Is your cat a drooler? Some cats never drool, but some can't seem to stop. The key is knowing when the slobber is something to worry about and when it's time to just make peace with the excessive flow of juices.
According to the experts, many cats drool when they're relaxed and content. That means the faucet turns on when your cat is resting on your lap. Cat Health describes this kind of slobber as "the drool of happiness" — when your cat lets go and relaxes so much that her jaw hangs open a little.
Cat experts don't know for sure why cats drool when they're happy, but the likely link is the state of euphoria kittens experienced when nursing with their mothers. This is especially likely if your cat also likes to knead — your lap or a blanket — while she drools. Kittens knead their mother's abdomen to stimulate the flow of milk. When the cat is enjoying a good snuggle with you, she may be reminded of those satisfying moments from childhood. According to cat behavior specialist Pam Johnson-Bennett, some cats will drool when they're given catnip for the same happy reasons.
If your cat is a relaxed and happy drooler, you have a few options to avoid the waterfall on your lap. For starters, you can try to take note of certain areas on your cat's body that stimulate drooling when massaged. If rubbing under the chin makes your girl slobber, focus your petting elsewhere. (The other option is to keep a washcloth or small towel handy and just let it go.)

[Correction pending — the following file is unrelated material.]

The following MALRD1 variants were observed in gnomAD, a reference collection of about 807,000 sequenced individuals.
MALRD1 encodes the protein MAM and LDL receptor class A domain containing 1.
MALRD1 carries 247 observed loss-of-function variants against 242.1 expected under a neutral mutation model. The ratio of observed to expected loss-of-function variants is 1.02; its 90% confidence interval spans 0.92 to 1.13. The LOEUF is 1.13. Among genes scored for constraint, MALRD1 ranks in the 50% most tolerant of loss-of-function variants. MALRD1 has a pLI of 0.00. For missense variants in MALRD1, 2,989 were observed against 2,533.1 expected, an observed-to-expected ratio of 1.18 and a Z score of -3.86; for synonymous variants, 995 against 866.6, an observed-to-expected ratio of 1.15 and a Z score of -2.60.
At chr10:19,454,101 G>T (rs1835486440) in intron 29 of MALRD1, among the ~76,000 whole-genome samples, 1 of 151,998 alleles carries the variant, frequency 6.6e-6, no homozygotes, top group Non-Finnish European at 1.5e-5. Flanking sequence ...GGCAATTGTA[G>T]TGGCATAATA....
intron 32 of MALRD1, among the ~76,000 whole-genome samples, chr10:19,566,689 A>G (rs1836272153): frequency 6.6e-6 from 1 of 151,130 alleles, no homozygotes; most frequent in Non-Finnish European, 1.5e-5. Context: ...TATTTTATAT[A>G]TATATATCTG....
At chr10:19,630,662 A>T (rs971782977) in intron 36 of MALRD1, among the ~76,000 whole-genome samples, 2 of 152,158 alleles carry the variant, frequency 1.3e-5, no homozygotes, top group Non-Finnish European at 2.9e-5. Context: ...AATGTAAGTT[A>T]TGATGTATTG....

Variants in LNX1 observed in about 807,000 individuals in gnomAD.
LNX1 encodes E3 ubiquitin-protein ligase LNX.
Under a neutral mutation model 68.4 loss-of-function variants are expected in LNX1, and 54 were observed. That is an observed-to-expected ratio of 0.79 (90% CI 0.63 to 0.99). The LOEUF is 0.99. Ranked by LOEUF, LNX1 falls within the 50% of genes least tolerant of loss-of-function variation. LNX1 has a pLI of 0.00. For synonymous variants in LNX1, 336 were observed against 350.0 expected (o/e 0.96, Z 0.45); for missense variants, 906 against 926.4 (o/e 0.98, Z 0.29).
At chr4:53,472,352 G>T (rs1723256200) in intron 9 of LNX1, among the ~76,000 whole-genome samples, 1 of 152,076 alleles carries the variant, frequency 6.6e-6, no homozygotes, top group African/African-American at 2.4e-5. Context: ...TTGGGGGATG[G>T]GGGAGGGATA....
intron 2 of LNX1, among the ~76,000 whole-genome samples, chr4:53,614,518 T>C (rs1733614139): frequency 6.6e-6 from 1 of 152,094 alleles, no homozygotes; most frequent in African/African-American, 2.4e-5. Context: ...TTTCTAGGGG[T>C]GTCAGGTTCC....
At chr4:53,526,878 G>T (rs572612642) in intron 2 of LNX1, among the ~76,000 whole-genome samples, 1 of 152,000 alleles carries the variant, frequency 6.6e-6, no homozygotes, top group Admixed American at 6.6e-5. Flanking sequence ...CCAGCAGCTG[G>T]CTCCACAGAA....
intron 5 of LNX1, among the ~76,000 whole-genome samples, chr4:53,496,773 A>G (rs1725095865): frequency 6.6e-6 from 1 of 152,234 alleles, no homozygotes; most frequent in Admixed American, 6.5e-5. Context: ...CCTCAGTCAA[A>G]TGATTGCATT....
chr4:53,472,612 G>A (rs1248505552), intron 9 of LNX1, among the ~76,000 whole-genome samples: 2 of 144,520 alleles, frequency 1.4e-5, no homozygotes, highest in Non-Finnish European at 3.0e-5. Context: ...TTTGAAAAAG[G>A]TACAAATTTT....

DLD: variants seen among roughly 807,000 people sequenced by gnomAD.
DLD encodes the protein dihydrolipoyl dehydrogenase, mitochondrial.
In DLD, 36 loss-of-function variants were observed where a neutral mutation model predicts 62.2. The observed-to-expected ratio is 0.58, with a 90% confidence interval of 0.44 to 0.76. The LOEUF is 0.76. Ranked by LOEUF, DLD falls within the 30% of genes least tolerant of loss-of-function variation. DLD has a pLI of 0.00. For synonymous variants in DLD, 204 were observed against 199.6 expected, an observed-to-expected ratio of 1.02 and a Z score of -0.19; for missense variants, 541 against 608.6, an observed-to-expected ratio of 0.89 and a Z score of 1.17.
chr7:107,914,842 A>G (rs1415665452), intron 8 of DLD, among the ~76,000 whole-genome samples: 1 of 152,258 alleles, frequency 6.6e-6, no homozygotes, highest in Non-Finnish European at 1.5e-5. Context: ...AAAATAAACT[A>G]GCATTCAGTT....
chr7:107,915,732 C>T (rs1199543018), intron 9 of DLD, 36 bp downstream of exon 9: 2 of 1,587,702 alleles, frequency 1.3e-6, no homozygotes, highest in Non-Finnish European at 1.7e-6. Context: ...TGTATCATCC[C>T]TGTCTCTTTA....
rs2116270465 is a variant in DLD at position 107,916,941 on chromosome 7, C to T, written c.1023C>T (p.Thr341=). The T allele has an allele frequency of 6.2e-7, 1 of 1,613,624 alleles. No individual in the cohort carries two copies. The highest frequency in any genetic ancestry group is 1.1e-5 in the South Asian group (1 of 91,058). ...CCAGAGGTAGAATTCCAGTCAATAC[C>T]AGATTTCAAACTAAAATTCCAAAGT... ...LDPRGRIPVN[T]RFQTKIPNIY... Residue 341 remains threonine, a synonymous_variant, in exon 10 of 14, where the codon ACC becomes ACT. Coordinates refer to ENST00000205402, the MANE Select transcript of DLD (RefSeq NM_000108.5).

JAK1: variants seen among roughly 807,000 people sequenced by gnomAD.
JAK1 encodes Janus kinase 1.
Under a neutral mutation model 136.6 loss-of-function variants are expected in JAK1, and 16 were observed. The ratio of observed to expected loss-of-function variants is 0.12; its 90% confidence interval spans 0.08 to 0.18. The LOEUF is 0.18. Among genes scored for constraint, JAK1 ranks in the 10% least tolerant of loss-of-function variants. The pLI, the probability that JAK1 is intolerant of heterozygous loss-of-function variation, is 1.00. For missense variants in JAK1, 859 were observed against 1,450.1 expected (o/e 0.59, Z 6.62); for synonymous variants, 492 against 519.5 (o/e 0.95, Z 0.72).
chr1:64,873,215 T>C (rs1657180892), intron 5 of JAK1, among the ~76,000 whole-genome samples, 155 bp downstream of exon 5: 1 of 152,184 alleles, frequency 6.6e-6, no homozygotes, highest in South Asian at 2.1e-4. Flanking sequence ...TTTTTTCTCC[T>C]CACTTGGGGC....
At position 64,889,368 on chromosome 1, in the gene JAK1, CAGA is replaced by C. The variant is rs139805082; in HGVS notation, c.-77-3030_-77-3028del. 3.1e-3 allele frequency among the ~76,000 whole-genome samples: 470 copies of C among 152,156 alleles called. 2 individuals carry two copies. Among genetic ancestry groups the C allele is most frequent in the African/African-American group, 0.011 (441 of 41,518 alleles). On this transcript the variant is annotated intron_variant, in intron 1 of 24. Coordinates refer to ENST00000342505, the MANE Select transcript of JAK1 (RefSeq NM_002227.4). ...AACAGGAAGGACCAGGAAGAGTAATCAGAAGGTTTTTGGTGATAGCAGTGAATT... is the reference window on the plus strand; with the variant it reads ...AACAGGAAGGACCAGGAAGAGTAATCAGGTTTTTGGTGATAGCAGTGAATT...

But there are times when your cat's drool may not be so cool. It could be a sign of a dental disease or tooth decay, trouble swallowing, poisoning, heart stroke, nerves, liver disease or a respiratory condition. In most cases, if your cat is experiencing one of these conditions, she will also display other worrisome symptoms. Some cats drool when they are nauseous, and while this may not seem serious at first, it could be caused by something more sinister. "Nausea can signal anything from a temporary tummy upset to something of more concern like inflammatory bowel disease or intestinal cancer," says holistic veterinarian Dr. Judy Morgan.
But the important thing to remember is that if your cat's drooling is unusual for any reason — either because she doesn't usually drool or because she is also panting or acting weird — you should contact your vet immediately to rule out any potential medical issues.
"If drooling lasts more than a few minutes or is occurring continuously or regularly, it's definitely time for a veterinary exam," says Morgan.